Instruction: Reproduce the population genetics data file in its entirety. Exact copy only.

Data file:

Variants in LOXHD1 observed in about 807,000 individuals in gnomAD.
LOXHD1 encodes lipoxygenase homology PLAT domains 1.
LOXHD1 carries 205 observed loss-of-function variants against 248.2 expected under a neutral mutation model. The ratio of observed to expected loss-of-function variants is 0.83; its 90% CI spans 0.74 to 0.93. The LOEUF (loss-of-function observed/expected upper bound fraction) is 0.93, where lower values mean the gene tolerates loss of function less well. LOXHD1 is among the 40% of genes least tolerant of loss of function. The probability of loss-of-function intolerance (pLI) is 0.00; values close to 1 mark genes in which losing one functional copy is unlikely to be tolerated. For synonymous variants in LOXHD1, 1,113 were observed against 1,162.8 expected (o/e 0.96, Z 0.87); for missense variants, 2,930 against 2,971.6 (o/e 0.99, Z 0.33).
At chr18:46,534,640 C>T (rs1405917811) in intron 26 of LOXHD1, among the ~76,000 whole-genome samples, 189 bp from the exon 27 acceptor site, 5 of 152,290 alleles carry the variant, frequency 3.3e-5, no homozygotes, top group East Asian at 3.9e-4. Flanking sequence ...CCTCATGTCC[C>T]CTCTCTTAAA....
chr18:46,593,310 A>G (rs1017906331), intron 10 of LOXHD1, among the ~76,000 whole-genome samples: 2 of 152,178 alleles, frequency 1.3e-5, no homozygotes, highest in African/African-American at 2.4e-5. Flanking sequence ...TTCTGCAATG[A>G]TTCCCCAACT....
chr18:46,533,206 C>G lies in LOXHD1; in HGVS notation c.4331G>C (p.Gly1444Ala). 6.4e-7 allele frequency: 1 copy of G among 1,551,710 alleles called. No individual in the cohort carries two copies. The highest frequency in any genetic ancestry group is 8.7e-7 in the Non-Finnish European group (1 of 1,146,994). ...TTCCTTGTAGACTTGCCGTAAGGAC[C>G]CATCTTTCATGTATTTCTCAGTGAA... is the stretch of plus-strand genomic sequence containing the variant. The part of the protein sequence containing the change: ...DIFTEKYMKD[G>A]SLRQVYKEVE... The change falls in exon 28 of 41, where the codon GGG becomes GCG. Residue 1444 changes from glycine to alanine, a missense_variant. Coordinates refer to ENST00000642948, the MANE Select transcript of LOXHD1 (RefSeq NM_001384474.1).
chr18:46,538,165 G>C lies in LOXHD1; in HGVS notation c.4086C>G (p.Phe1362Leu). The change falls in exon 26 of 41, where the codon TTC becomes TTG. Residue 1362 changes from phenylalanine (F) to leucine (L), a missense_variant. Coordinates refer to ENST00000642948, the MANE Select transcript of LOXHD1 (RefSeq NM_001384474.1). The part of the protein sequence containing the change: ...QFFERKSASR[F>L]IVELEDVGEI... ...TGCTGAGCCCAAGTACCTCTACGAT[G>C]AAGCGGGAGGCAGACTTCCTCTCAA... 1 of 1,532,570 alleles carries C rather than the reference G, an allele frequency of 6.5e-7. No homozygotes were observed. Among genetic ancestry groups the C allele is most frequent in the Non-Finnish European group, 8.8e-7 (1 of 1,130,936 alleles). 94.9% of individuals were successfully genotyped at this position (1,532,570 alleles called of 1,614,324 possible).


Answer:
Variants in LOXHD1 observed in about 807,000 individuals in gnomAD.
LOXHD1 encodes lipoxygenase homology PLAT domains 1.
LOXHD1 carries 205 observed loss-of-function variants against 248.2 expected under a neutral mutation model. The ratio of observed to expected loss-of-function variants is 0.83; its 90% CI spans 0.74 to 0.93. The LOEUF (loss-of-function observed/expected upper bound fraction) is 0.93, where lower values mean the gene tolerates loss of function less well. LOXHD1 is among the 40% of genes least tolerant of loss of function. The probability of loss-of-function intolerance (pLI) is 0.00; values close to 1 mark genes in which losing one functional copy is unlikely to be tolerated. For synonymous variants in LOXHD1, 1,113 were observed against 1,162.8 expected (o/e 0.96, Z 0.87); for missense variants, 2,930 against 2,971.6 (o/e 0.99, Z 0.33).
At chr18:46,534,640 C>T (rs1405917811) in intron 26 of LOXHD1, among the ~76,000 whole-genome samples, 189 bp from the exon 27 acceptor site, 5 of 152,290 alleles carry the variant, frequency 3.3e-5, no homozygotes, top group East Asian at 3.9e-4. Flanking sequence ...CCTCATGTCC[C>T]CTCTCTTAAA....
chr18:46,593,310 A>G (rs1017906331), intron 10 of LOXHD1, among the ~76,000 whole-genome samples: 2 of 152,178 alleles, frequency 1.3e-5, no homozygotes, highest in African/African-American at 2.4e-5. Flanking sequence ...TTCTGCAATG[A>G]TTCCCCAACT....
chr18:46,533,206 C>G lies in LOXHD1; in HGVS notation c.4331G>C (p.Gly1444Ala). 6.4e-7 allele frequency: 1 copy of G among 1,551,710 alleles called. No individual in the cohort carries two copies. The highest frequency in any genetic ancestry group is 8.7e-7 in the Non-Finnish European group (1 of 1,146,994). ...TTCCTTGTAGACTTGCCGTAAGGAC[C>G]CATCTTTCATGTATTTCTCAGTGAA... is the stretch of plus-strand genomic sequence containing the variant. The part of the protein sequence containing the change: ...DIFTEKYMKD[G>A]SLRQVYKEVE... The change falls in exon 28 of 41, where the codon GGG becomes GCG. Residue 1444 changes from glycine to alanine, a missense_variant. Coordinates refer to ENST00000642948, the MANE Select transcript of LOXHD1 (RefSeq NM_001384474.1).
chr18:46,538,165 G>C lies in LOXHD1; in HGVS notation c.4086C>G (p.Phe1362Leu). The change falls in exon 26 of 41, where the codon TTC becomes TTG. Residue 1362 changes from phenylalanine (F) to leucine (L), a missense_variant. Coordinates refer to ENST00000642948, the MANE Select transcript of LOXHD1 (RefSeq NM_001384474.1). The part of the protein sequence containing the change: ...QFFERKSASR[F>L]IVELEDVGEI... ...TGCTGAGCCCAAGTACCTCTACGAT[G>C]AAGCGGGAGGCAGACTTCCTCTCAA... 1 of 1,532,570 alleles carries C rather than the reference G, an allele frequency of 6.5e-7. No homozygotes were observed. Among genetic ancestry groups the C allele is most frequent in the Non-Finnish European group, 8.8e-7 (1 of 1,130,936 alleles). 94.9% of individuals were successfully genotyped at this position (1,532,570 alleles called of 1,614,324 possible).